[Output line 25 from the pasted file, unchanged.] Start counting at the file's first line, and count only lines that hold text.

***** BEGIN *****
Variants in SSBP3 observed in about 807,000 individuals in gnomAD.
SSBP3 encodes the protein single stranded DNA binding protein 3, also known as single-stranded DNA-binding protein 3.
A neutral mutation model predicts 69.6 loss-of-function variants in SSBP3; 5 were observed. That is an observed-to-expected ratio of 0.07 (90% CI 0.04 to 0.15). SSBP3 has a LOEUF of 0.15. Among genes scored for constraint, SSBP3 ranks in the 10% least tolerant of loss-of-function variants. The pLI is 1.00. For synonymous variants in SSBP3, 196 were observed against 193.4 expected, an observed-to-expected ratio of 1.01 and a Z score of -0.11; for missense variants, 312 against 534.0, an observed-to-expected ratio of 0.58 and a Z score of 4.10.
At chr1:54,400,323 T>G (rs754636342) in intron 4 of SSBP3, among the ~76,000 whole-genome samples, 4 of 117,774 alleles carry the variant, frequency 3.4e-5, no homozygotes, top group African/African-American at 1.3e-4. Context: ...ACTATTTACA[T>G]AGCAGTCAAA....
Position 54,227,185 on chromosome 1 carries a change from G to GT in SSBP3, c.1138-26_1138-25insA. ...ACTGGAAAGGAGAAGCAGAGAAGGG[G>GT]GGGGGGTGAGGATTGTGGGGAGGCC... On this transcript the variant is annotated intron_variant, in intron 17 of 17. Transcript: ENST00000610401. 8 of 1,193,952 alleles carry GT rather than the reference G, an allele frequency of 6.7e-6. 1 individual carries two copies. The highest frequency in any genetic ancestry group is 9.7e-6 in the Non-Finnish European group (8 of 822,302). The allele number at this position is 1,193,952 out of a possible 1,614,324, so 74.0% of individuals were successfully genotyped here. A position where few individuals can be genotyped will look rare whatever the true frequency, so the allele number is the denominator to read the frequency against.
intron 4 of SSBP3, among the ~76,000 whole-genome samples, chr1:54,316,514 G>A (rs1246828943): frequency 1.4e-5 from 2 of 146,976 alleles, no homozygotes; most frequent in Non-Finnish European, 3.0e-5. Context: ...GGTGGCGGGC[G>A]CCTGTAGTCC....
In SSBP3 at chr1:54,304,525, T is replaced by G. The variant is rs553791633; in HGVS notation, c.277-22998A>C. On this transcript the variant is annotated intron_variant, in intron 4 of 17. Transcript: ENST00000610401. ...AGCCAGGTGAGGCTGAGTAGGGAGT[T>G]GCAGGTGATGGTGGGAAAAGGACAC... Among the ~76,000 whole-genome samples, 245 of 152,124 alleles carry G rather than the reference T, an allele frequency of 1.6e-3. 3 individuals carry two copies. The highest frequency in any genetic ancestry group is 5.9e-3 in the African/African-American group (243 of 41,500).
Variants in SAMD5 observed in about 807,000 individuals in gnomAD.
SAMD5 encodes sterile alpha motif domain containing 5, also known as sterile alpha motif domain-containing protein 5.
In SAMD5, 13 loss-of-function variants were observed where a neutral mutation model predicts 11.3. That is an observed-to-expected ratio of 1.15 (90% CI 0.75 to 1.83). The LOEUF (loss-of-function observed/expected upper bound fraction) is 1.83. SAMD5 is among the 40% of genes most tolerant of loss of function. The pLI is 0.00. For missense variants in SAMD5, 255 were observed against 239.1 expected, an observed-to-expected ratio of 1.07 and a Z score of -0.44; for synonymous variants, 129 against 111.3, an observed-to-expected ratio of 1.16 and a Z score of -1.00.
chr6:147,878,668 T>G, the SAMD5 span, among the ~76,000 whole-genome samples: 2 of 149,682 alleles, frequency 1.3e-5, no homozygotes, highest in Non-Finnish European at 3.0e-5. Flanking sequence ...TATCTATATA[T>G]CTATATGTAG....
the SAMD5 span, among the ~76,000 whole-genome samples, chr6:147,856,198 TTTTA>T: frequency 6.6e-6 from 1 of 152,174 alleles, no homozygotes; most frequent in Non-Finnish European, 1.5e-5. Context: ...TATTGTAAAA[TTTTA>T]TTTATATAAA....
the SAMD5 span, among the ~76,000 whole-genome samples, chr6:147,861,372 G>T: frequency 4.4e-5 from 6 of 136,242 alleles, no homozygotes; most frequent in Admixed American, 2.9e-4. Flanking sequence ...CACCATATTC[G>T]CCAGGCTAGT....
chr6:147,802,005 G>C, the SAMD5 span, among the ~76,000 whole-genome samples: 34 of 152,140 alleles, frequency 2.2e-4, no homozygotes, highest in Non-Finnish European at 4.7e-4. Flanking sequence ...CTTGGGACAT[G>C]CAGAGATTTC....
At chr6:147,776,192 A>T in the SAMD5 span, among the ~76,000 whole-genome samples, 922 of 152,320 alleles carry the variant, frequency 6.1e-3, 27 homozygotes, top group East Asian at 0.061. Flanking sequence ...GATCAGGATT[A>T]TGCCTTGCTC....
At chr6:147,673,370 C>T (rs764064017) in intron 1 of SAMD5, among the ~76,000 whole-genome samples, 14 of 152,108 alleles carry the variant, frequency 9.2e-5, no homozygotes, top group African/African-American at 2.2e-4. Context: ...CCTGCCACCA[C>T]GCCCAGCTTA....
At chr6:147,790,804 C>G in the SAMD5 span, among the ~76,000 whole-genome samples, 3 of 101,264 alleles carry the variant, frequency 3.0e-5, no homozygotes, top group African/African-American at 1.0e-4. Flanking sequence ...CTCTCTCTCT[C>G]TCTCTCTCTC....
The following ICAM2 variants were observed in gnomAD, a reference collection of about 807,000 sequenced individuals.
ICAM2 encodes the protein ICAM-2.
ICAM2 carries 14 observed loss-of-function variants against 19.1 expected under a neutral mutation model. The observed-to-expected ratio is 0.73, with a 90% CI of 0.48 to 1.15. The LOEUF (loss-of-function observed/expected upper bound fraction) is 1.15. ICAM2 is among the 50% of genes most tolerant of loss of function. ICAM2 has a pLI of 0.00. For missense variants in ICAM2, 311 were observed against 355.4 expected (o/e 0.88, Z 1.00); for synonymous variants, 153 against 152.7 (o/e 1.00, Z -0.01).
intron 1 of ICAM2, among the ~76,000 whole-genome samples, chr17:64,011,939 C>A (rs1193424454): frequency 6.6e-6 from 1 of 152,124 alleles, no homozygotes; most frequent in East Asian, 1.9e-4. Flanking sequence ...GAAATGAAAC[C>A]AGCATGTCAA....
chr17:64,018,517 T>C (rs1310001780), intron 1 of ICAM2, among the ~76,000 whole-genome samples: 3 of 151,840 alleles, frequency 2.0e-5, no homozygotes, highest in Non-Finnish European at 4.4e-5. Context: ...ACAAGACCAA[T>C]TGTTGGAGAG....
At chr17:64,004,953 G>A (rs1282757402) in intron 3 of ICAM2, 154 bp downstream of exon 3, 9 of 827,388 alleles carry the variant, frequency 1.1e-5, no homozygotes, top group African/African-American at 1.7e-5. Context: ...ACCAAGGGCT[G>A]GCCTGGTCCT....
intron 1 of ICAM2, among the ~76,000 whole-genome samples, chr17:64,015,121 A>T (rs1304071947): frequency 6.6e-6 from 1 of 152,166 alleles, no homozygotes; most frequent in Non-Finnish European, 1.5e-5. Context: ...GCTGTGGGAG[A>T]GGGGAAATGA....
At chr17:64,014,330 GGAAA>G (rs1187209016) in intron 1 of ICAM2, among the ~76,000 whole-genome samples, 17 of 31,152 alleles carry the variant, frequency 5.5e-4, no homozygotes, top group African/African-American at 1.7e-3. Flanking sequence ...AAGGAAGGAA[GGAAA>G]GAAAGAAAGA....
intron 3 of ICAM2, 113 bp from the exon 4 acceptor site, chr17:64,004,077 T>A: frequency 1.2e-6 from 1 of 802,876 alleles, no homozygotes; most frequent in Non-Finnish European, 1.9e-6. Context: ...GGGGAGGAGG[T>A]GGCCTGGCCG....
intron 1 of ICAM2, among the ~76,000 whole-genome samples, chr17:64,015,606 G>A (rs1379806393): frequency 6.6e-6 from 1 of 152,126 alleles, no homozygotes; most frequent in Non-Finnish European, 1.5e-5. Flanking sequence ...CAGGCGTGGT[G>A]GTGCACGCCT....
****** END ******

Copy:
At chr17:64,014,330 GGAAA>G (rs1187209016) in intron 1 of ICAM2, among the ~76,000 whole-genome samples, 17 of 31,152 alleles carry the variant, frequency 5.5e-4, no homozygotes, top group African/African-American at 1.7e-3. Flanking sequence ...AAGGAAGGAA[GGAAA>G]GAAAGAAAGA....